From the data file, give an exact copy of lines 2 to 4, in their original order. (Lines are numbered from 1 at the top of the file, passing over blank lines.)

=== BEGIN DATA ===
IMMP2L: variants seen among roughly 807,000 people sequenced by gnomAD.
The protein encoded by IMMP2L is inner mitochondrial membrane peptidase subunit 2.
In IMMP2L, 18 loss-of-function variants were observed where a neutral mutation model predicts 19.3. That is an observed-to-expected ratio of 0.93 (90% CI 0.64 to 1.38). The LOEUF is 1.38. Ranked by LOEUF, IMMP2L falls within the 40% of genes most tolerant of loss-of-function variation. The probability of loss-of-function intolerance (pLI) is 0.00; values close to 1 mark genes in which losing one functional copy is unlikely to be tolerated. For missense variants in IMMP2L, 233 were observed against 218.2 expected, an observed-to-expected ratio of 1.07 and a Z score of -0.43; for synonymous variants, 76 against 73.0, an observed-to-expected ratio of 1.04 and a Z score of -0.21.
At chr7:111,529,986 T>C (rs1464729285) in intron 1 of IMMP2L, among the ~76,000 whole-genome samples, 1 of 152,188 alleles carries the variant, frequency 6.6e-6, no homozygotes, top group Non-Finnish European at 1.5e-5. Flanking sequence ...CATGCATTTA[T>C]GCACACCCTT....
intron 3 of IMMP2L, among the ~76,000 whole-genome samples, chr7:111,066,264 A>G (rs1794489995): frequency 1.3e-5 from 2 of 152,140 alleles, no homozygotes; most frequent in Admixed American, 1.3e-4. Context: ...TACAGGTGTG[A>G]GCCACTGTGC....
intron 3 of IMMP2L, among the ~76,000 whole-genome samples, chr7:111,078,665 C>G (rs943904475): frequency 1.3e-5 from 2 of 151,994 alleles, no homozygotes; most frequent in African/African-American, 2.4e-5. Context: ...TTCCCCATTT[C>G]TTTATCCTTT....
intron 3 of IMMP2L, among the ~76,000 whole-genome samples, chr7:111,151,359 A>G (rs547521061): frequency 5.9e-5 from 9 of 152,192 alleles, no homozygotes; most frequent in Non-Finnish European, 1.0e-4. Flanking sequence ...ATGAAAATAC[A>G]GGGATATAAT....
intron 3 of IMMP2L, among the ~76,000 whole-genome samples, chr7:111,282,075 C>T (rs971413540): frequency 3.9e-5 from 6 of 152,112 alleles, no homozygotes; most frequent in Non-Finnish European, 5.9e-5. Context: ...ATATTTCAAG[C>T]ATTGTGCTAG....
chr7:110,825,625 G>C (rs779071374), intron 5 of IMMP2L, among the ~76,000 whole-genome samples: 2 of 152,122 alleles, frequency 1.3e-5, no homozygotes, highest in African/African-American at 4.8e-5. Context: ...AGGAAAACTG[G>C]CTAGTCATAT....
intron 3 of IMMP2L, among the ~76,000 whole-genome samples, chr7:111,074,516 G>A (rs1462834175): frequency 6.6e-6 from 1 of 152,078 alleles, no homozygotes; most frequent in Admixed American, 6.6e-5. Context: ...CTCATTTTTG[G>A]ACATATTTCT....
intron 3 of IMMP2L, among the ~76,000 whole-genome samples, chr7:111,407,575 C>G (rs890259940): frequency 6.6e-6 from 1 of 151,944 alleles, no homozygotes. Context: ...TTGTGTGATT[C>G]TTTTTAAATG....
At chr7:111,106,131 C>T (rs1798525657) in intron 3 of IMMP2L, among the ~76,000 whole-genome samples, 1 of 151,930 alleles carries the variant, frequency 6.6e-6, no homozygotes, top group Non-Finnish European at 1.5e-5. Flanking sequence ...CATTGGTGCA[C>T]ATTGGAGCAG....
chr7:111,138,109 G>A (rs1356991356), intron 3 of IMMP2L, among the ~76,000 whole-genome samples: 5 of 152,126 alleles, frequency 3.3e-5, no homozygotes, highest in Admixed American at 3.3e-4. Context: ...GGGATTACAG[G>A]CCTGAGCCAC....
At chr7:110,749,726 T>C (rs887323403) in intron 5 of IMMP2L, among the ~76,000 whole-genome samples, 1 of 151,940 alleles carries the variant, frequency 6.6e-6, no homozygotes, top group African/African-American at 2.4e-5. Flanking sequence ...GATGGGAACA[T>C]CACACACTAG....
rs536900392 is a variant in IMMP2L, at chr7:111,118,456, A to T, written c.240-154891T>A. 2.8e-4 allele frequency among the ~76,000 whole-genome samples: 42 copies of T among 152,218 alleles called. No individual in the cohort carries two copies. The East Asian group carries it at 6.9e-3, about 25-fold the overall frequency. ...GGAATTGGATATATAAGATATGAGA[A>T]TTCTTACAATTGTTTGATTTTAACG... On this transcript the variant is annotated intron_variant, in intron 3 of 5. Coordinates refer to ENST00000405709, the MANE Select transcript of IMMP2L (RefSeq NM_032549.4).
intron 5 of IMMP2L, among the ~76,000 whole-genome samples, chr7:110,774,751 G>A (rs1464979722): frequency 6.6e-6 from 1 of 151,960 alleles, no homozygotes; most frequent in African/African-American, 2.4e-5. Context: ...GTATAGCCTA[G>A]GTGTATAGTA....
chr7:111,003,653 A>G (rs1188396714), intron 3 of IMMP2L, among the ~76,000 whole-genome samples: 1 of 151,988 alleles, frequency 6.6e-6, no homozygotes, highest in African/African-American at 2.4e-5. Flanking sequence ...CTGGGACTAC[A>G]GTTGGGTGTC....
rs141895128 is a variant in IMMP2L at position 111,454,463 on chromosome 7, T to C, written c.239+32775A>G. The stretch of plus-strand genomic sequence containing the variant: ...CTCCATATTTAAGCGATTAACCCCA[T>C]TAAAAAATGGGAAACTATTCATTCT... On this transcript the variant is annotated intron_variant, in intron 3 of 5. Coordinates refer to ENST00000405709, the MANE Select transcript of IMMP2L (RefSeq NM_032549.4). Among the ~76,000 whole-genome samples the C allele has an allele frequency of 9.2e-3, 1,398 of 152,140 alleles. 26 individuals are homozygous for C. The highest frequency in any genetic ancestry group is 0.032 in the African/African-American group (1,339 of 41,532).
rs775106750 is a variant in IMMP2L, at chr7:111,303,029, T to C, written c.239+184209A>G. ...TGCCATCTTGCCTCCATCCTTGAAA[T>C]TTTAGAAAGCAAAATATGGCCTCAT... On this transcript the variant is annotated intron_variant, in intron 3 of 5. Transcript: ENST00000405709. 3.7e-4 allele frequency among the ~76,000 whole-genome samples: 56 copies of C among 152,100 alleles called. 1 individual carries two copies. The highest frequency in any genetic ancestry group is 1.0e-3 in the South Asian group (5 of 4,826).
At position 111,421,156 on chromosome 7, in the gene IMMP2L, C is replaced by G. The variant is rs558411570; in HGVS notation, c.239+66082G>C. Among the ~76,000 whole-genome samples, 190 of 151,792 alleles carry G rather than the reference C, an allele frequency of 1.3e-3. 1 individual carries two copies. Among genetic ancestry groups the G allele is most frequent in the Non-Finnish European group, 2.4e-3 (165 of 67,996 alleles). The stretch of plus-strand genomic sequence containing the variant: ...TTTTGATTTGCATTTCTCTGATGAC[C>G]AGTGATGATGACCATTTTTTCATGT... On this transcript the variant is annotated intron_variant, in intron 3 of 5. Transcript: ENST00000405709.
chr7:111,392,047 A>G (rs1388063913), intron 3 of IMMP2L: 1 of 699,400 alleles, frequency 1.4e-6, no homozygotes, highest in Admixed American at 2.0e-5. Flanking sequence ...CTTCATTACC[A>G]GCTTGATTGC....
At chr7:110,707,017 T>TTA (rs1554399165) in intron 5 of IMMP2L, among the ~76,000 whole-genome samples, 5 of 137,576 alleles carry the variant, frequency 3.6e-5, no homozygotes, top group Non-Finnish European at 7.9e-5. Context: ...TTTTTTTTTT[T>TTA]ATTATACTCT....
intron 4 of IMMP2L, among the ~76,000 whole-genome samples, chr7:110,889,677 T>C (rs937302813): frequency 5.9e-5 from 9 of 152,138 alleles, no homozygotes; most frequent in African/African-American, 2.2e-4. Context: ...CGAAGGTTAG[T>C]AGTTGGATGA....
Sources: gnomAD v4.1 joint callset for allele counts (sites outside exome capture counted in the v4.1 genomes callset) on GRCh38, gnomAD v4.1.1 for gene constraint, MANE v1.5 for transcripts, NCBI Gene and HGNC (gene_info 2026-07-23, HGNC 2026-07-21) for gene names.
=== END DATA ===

The protein encoded by IMMP2L is inner mitochondrial membrane peptidase subunit 2.
In IMMP2L, 18 loss-of-function variants were observed where a neutral mutation model predicts 19.3. That is an observed-to-expected ratio of 0.93 (90% CI 0.64 to 1.38). The LOEUF is 1.38. Ranked by LOEUF, IMMP2L falls within the 40% of genes most tolerant of loss-of-function variation. The probability of loss-of-function intolerance (pLI) is 0.00; values close to 1 mark genes in which losing one functional copy is unlikely to be tolerated. For missense variants in IMMP2L, 233 were observed against 218.2 expected, an observed-to-expected ratio of 1.07 and a Z score of -0.43; for synonymous variants, 76 against 73.0, an observed-to-expected ratio of 1.04 and a Z score of -0.21.
At chr7:111,529,986 T>C (rs1464729285) in intron 1 of IMMP2L, among the ~76,000 whole-genome samples, 1 of 152,188 alleles carries the variant, frequency 6.6e-6, no homozygotes, top group Non-Finnish European at 1.5e-5. Flanking sequence ...CATGCATTTA[T>C]GCACACCCTT....